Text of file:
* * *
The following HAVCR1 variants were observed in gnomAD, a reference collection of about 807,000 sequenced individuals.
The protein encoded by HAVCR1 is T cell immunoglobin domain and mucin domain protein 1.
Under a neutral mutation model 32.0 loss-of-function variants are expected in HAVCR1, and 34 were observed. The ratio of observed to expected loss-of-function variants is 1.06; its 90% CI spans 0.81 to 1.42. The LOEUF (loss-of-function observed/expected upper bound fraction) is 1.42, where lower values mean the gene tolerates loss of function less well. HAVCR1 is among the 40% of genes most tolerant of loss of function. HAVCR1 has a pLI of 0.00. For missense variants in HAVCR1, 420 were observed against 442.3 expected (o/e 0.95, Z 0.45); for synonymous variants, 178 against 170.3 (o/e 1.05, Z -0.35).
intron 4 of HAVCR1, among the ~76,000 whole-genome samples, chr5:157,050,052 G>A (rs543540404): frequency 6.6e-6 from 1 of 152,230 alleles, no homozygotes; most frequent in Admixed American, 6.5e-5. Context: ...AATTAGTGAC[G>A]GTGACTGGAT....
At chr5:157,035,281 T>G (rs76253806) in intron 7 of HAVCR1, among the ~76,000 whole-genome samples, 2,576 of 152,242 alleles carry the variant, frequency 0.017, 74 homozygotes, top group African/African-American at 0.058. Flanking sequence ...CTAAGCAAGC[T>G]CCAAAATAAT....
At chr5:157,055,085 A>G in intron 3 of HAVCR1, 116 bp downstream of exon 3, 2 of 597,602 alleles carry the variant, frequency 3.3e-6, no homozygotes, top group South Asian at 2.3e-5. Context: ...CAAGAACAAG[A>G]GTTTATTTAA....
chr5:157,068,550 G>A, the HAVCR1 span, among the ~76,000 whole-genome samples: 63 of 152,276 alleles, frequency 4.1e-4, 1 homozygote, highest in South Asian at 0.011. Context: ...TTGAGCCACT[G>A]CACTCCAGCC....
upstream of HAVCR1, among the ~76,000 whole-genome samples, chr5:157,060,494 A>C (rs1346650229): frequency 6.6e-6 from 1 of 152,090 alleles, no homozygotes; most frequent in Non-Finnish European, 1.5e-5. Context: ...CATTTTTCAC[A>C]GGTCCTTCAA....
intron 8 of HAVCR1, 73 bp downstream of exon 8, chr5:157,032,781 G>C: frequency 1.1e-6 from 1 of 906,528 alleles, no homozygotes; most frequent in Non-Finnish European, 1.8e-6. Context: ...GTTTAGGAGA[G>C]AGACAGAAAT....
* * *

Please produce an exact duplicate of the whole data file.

The following HAVCR1 variants were observed in gnomAD, a reference collection of about 807,000 sequenced individuals.
The protein encoded by HAVCR1 is T cell immunoglobin domain and mucin domain protein 1.
Under a neutral mutation model 32.0 loss-of-function variants are expected in HAVCR1, and 34 were observed. The ratio of observed to expected loss-of-function variants is 1.06; its 90% CI spans 0.81 to 1.42. The LOEUF (loss-of-function observed/expected upper bound fraction) is 1.42, where lower values mean the gene tolerates loss of function less well. HAVCR1 is among the 40% of genes most tolerant of loss of function. HAVCR1 has a pLI of 0.00. For missense variants in HAVCR1, 420 were observed against 442.3 expected (o/e 0.95, Z 0.45); for synonymous variants, 178 against 170.3 (o/e 1.05, Z -0.35).
intron 4 of HAVCR1, among the ~76,000 whole-genome samples, chr5:157,050,052 G>A (rs543540404): frequency 6.6e-6 from 1 of 152,230 alleles, no homozygotes; most frequent in Admixed American, 6.5e-5. Context: ...AATTAGTGAC[G>A]GTGACTGGAT....
At chr5:157,035,281 T>G (rs76253806) in intron 7 of HAVCR1, among the ~76,000 whole-genome samples, 2,576 of 152,242 alleles carry the variant, frequency 0.017, 74 homozygotes, top group African/African-American at 0.058. Flanking sequence ...CTAAGCAAGC[T>G]CCAAAATAAT....
At chr5:157,055,085 A>G in intron 3 of HAVCR1, 116 bp downstream of exon 3, 2 of 597,602 alleles carry the variant, frequency 3.3e-6, no homozygotes, top group South Asian at 2.3e-5. Context: ...CAAGAACAAG[A>G]GTTTATTTAA....
chr5:157,068,550 G>A, the HAVCR1 span, among the ~76,000 whole-genome samples: 63 of 152,276 alleles, frequency 4.1e-4, 1 homozygote, highest in South Asian at 0.011. Context: ...TTGAGCCACT[G>A]CACTCCAGCC....
upstream of HAVCR1, among the ~76,000 whole-genome samples, chr5:157,060,494 A>C (rs1346650229): frequency 6.6e-6 from 1 of 152,090 alleles, no homozygotes; most frequent in Non-Finnish European, 1.5e-5. Context: ...CATTTTTCAC[A>C]GGTCCTTCAA....
intron 8 of HAVCR1, 73 bp downstream of exon 8, chr5:157,032,781 G>C: frequency 1.1e-6 from 1 of 906,528 alleles, no homozygotes; most frequent in Non-Finnish European, 1.8e-6. Context: ...GTTTAGGAGA[G>C]AGACAGAAAT....